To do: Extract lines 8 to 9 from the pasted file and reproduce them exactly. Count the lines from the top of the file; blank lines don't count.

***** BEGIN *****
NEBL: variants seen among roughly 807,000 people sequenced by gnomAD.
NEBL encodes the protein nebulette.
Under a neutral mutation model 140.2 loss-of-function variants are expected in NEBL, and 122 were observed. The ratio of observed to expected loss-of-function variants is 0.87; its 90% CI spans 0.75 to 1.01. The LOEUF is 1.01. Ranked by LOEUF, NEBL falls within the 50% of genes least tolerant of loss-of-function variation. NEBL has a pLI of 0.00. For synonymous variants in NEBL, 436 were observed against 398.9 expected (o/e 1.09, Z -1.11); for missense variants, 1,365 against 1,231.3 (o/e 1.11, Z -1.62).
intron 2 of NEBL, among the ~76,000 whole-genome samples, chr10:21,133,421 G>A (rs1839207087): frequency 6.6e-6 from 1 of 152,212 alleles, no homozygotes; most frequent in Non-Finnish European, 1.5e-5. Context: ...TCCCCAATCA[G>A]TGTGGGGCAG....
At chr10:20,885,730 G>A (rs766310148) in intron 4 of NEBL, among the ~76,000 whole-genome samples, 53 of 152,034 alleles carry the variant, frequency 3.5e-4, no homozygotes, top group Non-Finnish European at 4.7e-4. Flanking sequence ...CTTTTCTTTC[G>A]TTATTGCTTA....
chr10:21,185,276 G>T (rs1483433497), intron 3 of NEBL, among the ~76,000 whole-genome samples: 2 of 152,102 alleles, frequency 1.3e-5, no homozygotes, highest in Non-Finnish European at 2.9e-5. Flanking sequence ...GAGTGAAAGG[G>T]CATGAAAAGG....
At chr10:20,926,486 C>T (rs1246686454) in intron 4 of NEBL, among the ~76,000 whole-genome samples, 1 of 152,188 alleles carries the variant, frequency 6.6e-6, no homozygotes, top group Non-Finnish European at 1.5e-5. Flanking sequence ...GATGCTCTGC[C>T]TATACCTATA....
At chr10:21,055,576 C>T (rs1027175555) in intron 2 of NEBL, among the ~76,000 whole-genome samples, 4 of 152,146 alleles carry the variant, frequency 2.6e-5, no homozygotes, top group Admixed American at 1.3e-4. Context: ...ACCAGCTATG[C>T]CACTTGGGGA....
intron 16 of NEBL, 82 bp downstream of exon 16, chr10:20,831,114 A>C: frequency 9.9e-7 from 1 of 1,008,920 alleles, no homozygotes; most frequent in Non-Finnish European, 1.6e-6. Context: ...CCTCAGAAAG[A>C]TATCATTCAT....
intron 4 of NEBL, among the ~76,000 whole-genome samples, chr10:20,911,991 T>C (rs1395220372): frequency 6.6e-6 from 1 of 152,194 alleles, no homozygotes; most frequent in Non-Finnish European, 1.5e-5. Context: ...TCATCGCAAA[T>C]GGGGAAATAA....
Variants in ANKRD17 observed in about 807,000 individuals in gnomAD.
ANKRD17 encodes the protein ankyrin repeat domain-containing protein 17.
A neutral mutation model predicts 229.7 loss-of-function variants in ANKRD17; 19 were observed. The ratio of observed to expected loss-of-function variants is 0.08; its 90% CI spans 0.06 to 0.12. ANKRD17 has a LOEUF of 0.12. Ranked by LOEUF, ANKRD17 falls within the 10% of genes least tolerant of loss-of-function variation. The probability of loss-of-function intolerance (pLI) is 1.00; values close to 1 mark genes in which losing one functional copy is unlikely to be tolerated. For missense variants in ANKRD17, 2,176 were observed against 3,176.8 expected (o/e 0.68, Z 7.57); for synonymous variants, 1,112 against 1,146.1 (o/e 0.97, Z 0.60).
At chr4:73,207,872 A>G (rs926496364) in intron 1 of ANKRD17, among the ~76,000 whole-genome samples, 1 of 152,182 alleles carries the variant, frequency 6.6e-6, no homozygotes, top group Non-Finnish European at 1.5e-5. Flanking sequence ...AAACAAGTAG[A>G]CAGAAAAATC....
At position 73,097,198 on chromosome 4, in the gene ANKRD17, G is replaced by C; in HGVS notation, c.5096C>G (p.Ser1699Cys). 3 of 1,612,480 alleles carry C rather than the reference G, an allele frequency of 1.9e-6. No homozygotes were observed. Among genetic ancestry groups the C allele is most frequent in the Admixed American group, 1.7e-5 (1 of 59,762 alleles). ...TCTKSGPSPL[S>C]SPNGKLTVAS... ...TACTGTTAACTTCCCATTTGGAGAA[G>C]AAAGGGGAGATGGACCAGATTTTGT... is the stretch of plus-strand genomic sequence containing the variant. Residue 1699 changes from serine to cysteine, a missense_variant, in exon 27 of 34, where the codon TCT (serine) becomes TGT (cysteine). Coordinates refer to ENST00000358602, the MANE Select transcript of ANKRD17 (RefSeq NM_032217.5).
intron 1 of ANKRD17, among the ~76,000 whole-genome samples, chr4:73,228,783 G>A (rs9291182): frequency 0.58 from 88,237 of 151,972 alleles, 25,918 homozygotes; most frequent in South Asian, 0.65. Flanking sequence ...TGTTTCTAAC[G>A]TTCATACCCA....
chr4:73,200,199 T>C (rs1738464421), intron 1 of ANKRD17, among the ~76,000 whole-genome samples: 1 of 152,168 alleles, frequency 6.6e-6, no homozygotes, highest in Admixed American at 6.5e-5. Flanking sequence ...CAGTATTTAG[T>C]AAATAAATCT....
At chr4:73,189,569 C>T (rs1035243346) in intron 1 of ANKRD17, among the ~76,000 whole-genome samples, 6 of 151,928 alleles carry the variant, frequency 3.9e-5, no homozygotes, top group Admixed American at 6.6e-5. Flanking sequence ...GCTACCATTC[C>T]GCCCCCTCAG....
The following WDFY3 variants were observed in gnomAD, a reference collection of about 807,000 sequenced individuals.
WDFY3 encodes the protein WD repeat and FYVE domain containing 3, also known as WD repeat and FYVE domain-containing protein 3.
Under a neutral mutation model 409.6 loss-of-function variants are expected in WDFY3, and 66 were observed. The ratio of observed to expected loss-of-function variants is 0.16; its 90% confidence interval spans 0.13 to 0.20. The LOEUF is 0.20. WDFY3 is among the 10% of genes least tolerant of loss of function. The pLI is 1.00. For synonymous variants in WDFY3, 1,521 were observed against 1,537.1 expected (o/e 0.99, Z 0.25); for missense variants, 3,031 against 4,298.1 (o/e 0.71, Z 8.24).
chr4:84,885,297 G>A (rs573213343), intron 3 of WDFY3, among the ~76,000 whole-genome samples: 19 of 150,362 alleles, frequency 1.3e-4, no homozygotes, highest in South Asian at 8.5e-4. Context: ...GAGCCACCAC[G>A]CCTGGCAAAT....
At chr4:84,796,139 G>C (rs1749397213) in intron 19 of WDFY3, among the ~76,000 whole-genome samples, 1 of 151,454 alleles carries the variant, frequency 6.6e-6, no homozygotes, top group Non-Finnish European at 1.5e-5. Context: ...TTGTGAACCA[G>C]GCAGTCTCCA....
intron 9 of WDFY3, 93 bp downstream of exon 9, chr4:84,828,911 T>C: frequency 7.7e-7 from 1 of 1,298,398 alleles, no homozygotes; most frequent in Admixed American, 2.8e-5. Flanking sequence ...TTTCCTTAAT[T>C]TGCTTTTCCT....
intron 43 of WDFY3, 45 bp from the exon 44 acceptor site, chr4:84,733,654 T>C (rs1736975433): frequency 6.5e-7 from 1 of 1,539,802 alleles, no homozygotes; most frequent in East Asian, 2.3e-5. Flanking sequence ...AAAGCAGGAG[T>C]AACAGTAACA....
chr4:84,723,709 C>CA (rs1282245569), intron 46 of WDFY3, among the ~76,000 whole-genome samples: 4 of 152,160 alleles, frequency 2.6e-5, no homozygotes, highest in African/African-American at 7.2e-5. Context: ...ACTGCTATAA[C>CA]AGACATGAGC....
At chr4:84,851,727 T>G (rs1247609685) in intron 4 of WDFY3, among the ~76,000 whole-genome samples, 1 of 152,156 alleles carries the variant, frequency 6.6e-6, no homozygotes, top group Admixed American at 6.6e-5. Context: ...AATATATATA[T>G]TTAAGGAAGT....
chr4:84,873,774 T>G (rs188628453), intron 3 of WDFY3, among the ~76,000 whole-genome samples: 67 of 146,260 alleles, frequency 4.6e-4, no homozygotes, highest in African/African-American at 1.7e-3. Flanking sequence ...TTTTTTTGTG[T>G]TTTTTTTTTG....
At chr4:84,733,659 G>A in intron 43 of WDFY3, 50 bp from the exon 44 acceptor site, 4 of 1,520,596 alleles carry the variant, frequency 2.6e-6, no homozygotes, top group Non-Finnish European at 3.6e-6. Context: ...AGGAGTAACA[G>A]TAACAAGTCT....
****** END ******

At chr10:21,055,576 C>T (rs1027175555) in intron 2 of NEBL, among the ~76,000 whole-genome samples, 4 of 152,146 alleles carry the variant, frequency 2.6e-5, no homozygotes, top group Admixed American at 1.3e-4. Context: ...ACCAGCTATG[C>T]CACTTGGGGA....
intron 16 of NEBL, 82 bp downstream of exon 16, chr10:20,831,114 A>C: frequency 9.9e-7 from 1 of 1,008,920 alleles, no homozygotes; most frequent in Non-Finnish European, 1.6e-6. Context: ...CCTCAGAAAG[A>C]TATCATTCAT....